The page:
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Monitoring and Troubleshooting Replication Performance

Replication Monitor has improved considerably when compared with previous releases of the software, and this is particularly true of monitoring replication performance. You saw that the Publications tab has two columns for tracking performance: Current Average Performance and Current Worst Performance. These columns display different values, depending on replication latency threshold, and can report one of the following:

  • Excellent: latency is 0–34 percent of the threshold. For example, if the latency threshold is 30 seconds, and transactions are delivered within 3 seconds, performance is excellent.
  • Good: Latency is 35–59 percent% of the threshold.
  • Fair: Latency is 60–84 percent of the threshold.
  • Poor: Latency is 85–99 percent of the threshold.
  • Critical: Latency exceeds the threshold.

Replication latency is the amount of time it takes to commit a transaction in the subscription database after it is committed in the publication database. The default value for replication latency threshold is 30 seconds; you can view and change this setting by selecting a single publication in the left pane and then choosing the Warnings And Agents tab, as shown in the next figure.

If replication latency isn’t a huge concern in your environment you can turn off the warnings by un-checking the Enabled checkbox. When applying the initial snapshot, it is normal to expect the latency to go beyond 30 seconds; if you don’t want to see Critical performance reported, you can up the latency threshold to something more reasonable.

Replication Monitor enables you to configure alerts so that a database administrator can be notified about a particular performance condition. Alternatively, a job can be executed if such a condition occurs. The list of replication-related alerts available out of the box is shown in the following screen.

Clicking Configure brings up the dialog box for configuring alert properties. Replication alerts are configured much like any SQL Server alerts, so I won’t discuss them here.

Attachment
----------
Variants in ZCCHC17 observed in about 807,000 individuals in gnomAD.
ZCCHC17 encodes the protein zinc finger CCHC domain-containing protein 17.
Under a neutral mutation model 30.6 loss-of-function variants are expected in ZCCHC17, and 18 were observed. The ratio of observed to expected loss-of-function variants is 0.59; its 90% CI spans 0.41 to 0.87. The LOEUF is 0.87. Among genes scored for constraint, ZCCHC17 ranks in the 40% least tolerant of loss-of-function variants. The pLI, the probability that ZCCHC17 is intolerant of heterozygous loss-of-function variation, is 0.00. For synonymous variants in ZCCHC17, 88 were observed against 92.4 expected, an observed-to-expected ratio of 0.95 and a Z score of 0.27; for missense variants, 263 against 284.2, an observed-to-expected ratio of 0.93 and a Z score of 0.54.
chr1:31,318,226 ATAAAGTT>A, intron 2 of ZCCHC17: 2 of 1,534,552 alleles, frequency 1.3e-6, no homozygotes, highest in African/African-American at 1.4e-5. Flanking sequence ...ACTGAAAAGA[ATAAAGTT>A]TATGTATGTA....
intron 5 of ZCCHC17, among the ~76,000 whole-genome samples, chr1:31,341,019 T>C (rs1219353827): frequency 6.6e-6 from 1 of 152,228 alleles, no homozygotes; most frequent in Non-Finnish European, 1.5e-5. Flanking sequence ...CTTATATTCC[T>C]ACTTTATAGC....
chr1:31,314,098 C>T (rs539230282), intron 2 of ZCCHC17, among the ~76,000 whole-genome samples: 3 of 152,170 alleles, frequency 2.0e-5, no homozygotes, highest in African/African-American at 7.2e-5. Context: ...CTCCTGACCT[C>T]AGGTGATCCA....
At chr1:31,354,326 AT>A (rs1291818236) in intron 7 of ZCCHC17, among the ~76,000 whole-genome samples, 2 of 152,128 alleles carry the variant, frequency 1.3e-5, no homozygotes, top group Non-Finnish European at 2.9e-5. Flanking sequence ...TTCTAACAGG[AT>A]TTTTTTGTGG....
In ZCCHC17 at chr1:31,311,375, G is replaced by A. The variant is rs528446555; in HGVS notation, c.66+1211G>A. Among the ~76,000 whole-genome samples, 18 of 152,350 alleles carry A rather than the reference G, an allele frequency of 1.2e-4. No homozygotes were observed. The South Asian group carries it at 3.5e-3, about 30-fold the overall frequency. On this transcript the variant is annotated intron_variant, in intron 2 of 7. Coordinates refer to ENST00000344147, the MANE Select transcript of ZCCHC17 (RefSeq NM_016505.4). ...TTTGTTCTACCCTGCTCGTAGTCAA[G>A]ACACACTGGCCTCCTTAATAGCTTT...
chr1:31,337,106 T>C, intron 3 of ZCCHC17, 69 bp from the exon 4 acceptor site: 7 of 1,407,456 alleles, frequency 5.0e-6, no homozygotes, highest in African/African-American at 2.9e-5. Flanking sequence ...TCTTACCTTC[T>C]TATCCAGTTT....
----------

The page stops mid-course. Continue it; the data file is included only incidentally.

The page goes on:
Yet another improvement in monitoring replication performance is implemented through tracer tokens. If you click a particular publication in the left pane of the Replication Monitor, the right pane will have three tabs. The first tab simply shows you all subscriptions to the given publication and enables you to drill into details of a given subscription. The second tab, Tracer Tokens, enables you to insert a small amount of data (tracer token) in the transaction log of the published database and monitor how long it will take to deliver this data to the distributor and subscriber. As shown in the following figure, the particular subscription I examined had a total latency of five seconds (four seconds of which were spent delivering the transaction to the distributor, and the last second delivering the transaction from distributor to the subscriber).

Tracer tokens offer an easy way to determine the performance of your publications and to troubleshoot any performance-related issues. In this example, I saw that delivering data from publisher to distributor took four seconds; if that is above normal, I’d examine the connectivity between publisher and distributor. Furthermore, I might want to consider using a remote distributor or using pull subscriptions instead of push subscriptions to reduce the load on the publishing server. If the latency of delivering transactions from distributor to subscriber were unacceptable, I’d examine the connectivity between those servers and check any other activity on the subscriber that might have hindered this server from receiving the replicated commands.

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